Joëlle Van Autreve
Capturing the Uncanny

25 January - 25 February 2024

PhotoBrussels Festival

Not at all coincidentally, the number two dominates the exhibition of this Belgian photographer. Only two works are shown, from a nevertheless extensive oeuvre, which was mainly realized in the last two years. The photo series La Lutte and the video Malaise each show two women.

In the first work they are naked, like the vast majority of her characters. In the second they are scantily clad. In both works, the background is also naked, empty, smooth. This nudity exposed by Van Autreve is much more than merely erotic. It is also, among other things, the nakedness of naked truth, and bare essentials. Where in the photo series the duo is involved in a very physical struggle, the pair in the video remains - diferent than one would expect with this medium - virtually motionless. Their struggle is mental. One can never get rid of the impression that Van Autreve - although she does not appear physically in her photos - keeps making self-portraits. And that these duos also represent her inner confict and split. Most of her models foat in the limbo between girl and woman, or girl and boy, as each other’s double, twin sister and alter ego.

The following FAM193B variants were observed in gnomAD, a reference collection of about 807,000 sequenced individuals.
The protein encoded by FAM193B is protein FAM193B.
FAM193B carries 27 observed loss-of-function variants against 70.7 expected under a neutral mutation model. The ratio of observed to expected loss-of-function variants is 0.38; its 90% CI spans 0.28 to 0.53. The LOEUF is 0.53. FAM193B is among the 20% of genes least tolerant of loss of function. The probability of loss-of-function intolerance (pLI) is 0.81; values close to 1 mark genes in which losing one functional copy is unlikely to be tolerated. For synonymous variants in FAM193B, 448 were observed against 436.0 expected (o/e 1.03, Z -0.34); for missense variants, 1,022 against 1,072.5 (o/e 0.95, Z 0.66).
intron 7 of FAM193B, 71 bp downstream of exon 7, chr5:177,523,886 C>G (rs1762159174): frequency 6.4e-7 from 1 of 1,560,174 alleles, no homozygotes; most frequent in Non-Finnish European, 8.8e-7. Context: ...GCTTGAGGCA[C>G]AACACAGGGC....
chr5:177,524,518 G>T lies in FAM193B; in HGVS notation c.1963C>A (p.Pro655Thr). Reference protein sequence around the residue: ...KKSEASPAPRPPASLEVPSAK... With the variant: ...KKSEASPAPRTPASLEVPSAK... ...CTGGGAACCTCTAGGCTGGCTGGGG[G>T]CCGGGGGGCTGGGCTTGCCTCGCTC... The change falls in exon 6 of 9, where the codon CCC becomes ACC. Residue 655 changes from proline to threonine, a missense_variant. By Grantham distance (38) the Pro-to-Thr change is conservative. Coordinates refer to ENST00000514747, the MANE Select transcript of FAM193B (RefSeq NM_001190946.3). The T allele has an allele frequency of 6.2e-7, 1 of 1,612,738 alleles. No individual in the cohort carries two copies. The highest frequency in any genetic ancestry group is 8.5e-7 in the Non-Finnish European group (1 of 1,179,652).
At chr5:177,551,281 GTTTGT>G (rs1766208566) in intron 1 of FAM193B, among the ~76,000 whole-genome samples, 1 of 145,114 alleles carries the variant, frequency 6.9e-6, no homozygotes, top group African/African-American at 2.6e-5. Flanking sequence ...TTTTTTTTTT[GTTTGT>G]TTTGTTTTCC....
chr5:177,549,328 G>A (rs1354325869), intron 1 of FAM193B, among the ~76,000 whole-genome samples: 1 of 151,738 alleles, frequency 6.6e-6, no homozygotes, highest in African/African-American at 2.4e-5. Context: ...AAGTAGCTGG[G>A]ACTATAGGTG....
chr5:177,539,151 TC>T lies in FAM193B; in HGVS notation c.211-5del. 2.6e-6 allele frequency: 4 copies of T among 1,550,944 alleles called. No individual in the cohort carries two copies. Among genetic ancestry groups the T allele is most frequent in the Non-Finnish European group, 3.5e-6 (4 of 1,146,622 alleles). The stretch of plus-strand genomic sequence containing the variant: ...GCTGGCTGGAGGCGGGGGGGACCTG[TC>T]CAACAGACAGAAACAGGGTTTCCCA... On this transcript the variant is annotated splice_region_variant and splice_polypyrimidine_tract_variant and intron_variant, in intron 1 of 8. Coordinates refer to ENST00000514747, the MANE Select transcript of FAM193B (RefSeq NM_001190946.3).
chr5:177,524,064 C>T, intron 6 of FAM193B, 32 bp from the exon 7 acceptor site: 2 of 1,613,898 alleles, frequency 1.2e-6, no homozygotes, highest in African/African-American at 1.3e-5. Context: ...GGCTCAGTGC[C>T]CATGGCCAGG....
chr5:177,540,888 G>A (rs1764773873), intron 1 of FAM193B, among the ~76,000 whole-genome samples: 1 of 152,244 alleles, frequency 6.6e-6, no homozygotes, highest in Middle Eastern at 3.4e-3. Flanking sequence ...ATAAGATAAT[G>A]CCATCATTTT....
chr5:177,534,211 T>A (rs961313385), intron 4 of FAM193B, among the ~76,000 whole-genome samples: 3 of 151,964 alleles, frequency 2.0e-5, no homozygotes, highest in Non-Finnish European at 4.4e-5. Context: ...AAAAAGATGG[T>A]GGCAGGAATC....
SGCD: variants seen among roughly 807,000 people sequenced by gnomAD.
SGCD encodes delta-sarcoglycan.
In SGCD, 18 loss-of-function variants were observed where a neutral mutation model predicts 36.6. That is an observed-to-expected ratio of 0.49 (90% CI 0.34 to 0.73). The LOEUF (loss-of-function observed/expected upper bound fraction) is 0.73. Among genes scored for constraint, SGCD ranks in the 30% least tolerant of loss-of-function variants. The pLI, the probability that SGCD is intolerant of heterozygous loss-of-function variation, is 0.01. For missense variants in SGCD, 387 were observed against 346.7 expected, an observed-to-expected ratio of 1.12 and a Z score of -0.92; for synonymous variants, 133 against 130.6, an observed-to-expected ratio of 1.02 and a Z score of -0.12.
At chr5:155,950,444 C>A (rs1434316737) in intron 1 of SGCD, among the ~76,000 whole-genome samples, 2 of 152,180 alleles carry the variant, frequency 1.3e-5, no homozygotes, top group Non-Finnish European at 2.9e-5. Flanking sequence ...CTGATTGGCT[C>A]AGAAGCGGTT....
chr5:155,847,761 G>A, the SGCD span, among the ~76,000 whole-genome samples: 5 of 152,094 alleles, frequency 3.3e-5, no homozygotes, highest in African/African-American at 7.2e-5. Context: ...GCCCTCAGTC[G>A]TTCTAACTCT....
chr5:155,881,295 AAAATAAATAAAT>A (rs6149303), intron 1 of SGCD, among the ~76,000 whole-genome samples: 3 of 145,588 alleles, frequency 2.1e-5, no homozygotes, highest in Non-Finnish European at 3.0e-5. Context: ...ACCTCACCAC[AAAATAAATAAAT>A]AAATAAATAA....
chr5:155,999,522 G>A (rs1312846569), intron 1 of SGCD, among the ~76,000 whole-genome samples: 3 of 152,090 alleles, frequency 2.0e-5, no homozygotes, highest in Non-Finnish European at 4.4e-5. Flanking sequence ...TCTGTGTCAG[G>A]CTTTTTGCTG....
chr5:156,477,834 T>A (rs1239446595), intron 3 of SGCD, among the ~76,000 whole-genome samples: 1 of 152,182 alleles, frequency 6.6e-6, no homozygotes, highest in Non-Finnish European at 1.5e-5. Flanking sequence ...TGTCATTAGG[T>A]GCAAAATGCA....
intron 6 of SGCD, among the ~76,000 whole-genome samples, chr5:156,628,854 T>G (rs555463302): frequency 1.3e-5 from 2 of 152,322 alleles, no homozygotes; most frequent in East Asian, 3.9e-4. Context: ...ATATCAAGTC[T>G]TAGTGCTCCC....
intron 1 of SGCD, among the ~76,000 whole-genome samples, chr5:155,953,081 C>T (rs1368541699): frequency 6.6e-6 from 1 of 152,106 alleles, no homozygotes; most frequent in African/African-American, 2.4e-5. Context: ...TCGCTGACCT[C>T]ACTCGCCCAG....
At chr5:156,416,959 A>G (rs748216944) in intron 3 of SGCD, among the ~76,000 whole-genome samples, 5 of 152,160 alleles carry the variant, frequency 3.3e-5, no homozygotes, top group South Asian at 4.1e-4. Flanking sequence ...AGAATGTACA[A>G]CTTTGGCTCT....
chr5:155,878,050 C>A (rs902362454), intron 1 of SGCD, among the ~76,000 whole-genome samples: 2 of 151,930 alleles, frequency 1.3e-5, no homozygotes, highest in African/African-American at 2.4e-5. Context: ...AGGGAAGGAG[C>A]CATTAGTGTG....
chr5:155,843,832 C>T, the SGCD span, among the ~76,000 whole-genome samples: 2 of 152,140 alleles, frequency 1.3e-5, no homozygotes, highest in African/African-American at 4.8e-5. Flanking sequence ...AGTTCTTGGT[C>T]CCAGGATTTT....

That leitmotiv was recently also linked by Sadeq Rahimi to the theory of the Uncanny, developed more than a century ago by Ernst Jentsch and Sigmund Freud, and expressing the frightening unease of something that seems familiar and alienating at the same time. The same crazy dark undertone always dominates Van Autreve’s work, no matter how much she wants to capture moments of euphoria and happiness. Hope versus despair, symbiosis versus division, familiar versus alienating, her works are invariably two. And then there is that third one, the tension that moves restlessly, dialectically, but unpredictably between those extremes. And makes these works so powerful.

Text written by Max Borka
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